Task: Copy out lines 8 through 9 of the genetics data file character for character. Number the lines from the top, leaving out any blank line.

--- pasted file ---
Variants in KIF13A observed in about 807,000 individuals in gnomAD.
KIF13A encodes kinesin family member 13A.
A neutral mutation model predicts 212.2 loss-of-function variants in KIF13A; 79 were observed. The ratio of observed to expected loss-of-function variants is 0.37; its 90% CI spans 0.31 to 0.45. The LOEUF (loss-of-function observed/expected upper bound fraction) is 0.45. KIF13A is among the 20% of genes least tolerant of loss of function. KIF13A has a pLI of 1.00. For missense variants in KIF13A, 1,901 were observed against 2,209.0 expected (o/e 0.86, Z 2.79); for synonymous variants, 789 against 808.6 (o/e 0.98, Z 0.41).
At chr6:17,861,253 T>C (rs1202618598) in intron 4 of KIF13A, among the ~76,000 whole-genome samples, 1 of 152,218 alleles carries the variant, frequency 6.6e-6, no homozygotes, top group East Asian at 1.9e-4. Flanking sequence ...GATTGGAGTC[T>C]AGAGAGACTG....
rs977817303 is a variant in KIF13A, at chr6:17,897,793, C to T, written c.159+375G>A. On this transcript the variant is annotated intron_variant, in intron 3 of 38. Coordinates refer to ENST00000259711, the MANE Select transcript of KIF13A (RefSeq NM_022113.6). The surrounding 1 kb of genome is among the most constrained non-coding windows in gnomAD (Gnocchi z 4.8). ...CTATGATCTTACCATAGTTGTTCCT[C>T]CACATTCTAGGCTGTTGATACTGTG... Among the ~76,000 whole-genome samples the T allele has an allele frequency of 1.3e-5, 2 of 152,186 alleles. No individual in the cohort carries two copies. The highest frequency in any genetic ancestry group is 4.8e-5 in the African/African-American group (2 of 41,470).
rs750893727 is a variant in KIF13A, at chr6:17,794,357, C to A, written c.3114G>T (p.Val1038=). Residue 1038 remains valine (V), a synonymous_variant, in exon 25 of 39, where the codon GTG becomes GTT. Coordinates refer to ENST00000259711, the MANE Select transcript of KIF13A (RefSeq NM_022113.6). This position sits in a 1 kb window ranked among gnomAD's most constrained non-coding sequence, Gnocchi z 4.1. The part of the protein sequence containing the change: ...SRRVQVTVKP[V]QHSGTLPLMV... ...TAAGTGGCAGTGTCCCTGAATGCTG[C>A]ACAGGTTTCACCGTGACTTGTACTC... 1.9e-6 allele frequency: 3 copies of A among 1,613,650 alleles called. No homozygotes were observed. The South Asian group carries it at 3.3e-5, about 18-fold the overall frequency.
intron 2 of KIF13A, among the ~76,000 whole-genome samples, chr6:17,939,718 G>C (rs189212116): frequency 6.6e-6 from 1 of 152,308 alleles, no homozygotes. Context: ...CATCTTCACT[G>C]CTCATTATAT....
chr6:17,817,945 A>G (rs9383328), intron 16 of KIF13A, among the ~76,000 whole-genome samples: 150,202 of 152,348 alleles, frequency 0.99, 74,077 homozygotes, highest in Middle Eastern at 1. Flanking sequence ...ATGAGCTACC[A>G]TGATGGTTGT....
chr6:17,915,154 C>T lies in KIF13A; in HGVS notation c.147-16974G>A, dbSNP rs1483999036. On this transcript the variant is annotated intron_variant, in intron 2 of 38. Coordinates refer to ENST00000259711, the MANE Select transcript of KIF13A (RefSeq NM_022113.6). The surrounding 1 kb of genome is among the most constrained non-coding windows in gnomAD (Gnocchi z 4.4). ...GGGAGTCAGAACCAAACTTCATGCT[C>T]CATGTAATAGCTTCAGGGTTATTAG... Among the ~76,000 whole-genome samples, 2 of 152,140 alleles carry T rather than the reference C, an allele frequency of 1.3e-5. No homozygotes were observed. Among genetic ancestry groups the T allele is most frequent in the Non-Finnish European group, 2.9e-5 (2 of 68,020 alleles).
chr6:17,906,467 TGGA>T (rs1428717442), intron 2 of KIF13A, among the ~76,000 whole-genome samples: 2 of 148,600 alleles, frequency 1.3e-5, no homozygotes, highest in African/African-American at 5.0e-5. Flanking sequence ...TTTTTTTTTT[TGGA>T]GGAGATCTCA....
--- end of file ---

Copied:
chr6:17,817,945 A>G (rs9383328), intron 16 of KIF13A, among the ~76,000 whole-genome samples: 150,202 of 152,348 alleles, frequency 0.99, 74,077 homozygotes, highest in Middle Eastern at 1. Flanking sequence ...ATGAGCTACC[A>G]TGATGGTTGT....
chr6:17,915,154 C>T lies in KIF13A; in HGVS notation c.147-16974G>A, dbSNP rs1483999036. On this transcript the variant is annotated intron_variant, in intron 2 of 38. Coordinates refer to ENST00000259711, the MANE Select transcript of KIF13A (RefSeq NM_022113.6). The surrounding 1 kb of genome is among the most constrained non-coding windows in gnomAD (Gnocchi z 4.4). ...GGGAGTCAGAACCAAACTTCATGCT[C>T]CATGTAATAGCTTCAGGGTTATTAG... Among the ~76,000 whole-genome samples, 2 of 152,140 alleles carry T rather than the reference C, an allele frequency of 1.3e-5. No homozygotes were observed. Among genetic ancestry groups the T allele is most frequent in the Non-Finnish European group, 2.9e-5 (2 of 68,020 alleles).